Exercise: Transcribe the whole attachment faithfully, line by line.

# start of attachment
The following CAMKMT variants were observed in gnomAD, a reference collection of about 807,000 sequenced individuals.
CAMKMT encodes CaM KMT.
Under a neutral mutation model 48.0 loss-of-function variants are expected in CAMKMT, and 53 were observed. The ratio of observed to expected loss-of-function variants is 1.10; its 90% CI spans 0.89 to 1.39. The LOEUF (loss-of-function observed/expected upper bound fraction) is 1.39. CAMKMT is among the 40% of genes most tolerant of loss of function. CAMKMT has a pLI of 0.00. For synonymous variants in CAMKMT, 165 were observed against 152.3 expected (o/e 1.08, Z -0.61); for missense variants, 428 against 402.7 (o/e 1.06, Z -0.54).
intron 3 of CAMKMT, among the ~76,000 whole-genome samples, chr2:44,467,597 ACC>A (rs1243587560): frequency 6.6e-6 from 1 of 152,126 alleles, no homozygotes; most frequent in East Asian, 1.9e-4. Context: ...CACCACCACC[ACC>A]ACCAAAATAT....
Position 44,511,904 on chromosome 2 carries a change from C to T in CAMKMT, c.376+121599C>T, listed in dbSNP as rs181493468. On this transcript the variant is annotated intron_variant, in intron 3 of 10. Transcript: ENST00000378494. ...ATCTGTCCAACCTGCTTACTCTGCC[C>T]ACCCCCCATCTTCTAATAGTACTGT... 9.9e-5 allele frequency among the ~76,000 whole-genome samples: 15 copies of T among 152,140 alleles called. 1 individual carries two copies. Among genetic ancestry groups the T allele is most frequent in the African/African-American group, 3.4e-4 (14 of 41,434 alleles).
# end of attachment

The following CAMKMT variants were observed in gnomAD, a reference collection of about 807,000 sequenced individuals.
CAMKMT encodes CaM KMT.
Under a neutral mutation model 48.0 loss-of-function variants are expected in CAMKMT, and 53 were observed. The ratio of observed to expected loss-of-function variants is 1.10; its 90% CI spans 0.89 to 1.39. The LOEUF (loss-of-function observed/expected upper bound fraction) is 1.39. CAMKMT is among the 40% of genes most tolerant of loss of function. CAMKMT has a pLI of 0.00. For synonymous variants in CAMKMT, 165 were observed against 152.3 expected (o/e 1.08, Z -0.61); for missense variants, 428 against 402.7 (o/e 1.06, Z -0.54).
intron 3 of CAMKMT, among the ~76,000 whole-genome samples, chr2:44,467,597 ACC>A (rs1243587560): frequency 6.6e-6 from 1 of 152,126 alleles, no homozygotes; most frequent in East Asian, 1.9e-4. Context: ...CACCACCACC[ACC>A]ACCAAAATAT....
Position 44,511,904 on chromosome 2 carries a change from C to T in CAMKMT, c.376+121599C>T, listed in dbSNP as rs181493468. On this transcript the variant is annotated intron_variant, in intron 3 of 10. Transcript: ENST00000378494. ...ATCTGTCCAACCTGCTTACTCTGCC[C>T]ACCCCCCATCTTCTAATAGTACTGT... 9.9e-5 allele frequency among the ~76,000 whole-genome samples: 15 copies of T among 152,140 alleles called. 1 individual carries two copies. Among genetic ancestry groups the T allele is most frequent in the African/African-American group, 3.4e-4 (14 of 41,434 alleles).